I just attended a very lively program hosted by Watchung Booksellers, a cozy independent local bookstore just a short walk from my home in Montclair. The theme: commercial versus literary fiction. It promised to be a hot topic and attracted an overflow crowd, all the more impressive because it was a snowbound Friday night.
Five authors with very different backgrounds — all of whom write novels (actually, there was a memoir among them as well) — debated that ever-entrancing, ever-maddening issue: is literary fiction a dead end when it comes to the marketplace? Being pegged a “literary” writer — one for whom ideas and style are key preoccupations — can give a writer a satisfying ego boost and put him or her in rarefied company, but it can also lead to certain decisions by a publisher that may affect how widely a writer is read.
One the other hand, being pegged as a genre writer — someone who writes one type of book — psychological thrillers or romances, for example — can be limiting and frustrating for a writer as well. While slotting word by genre is useful from a publisher’s point of view in terms of marketing and sales, it can keep an author from growing. By effectively preventing a writer author from breaking out of a narrowly defined, sometimes formulaic “category” — genre exile can be as much of a strait jacket as the “literary fiction” label.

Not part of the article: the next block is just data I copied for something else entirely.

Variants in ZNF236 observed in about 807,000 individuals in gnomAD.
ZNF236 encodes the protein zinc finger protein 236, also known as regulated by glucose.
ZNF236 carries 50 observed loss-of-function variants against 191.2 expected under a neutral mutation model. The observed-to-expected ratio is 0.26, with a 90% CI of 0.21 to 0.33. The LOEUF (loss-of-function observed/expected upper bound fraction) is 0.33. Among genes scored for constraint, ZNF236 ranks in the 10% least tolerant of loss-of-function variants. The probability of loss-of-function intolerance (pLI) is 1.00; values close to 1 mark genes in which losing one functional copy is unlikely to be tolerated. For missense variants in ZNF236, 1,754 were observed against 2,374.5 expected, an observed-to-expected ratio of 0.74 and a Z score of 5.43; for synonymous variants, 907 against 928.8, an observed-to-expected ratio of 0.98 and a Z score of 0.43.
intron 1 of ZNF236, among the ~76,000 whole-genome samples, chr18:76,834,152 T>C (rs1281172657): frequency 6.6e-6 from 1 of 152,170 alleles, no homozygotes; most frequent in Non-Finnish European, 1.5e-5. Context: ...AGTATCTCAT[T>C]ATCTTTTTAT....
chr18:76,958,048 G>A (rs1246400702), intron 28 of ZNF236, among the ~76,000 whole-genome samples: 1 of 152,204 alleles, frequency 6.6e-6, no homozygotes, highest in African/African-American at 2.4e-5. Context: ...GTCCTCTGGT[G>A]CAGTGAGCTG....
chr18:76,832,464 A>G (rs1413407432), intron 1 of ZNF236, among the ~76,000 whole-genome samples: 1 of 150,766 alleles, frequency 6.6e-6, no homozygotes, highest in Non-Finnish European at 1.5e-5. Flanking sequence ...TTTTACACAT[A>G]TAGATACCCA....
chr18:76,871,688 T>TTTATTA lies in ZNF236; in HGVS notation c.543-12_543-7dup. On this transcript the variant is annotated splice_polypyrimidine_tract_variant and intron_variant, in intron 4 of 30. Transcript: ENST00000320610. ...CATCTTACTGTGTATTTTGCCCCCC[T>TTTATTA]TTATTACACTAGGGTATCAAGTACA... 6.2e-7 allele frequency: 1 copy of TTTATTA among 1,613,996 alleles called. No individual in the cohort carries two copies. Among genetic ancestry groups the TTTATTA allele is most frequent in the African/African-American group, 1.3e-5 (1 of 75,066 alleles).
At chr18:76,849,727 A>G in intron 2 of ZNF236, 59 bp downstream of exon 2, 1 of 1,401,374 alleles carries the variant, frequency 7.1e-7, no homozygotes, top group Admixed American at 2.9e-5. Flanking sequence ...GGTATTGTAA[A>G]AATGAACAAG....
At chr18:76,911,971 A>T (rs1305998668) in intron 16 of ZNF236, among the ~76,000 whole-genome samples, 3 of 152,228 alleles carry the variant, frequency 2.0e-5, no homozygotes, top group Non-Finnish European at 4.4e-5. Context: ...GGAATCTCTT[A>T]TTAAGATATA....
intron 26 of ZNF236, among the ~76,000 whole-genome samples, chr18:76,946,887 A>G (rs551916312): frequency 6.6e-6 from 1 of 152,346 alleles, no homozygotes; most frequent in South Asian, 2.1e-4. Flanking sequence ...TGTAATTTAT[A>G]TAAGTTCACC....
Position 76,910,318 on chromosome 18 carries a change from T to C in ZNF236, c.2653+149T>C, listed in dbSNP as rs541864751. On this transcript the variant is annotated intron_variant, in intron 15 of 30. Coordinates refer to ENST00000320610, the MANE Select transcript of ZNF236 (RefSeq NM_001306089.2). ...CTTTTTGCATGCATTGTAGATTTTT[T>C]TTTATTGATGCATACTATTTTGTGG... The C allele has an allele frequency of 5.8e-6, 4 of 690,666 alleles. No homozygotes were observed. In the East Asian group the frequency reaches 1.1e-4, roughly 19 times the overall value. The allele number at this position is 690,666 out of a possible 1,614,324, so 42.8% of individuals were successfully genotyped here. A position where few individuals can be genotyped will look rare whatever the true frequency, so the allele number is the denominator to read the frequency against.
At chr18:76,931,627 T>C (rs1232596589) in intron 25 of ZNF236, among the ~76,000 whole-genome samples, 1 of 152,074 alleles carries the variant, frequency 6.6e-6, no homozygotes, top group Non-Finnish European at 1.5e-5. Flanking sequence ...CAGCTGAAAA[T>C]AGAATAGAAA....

Most authors eager to develop their craft want to spread their writing wings and fly; they don’t want to be type cast and pinned down to one narrow category. But in the end, I wonder whether there’s any real answer to the whole literary vs. commercial debate. Was Shakespeare literary or commercial in his day? How about Dickens? Or Hemingway? Somehow all these authors managed to defy definition and category, didn’t they? Are things today more fluid or more rigid because of pressures from the marketplace? Any fuel to add to the fire?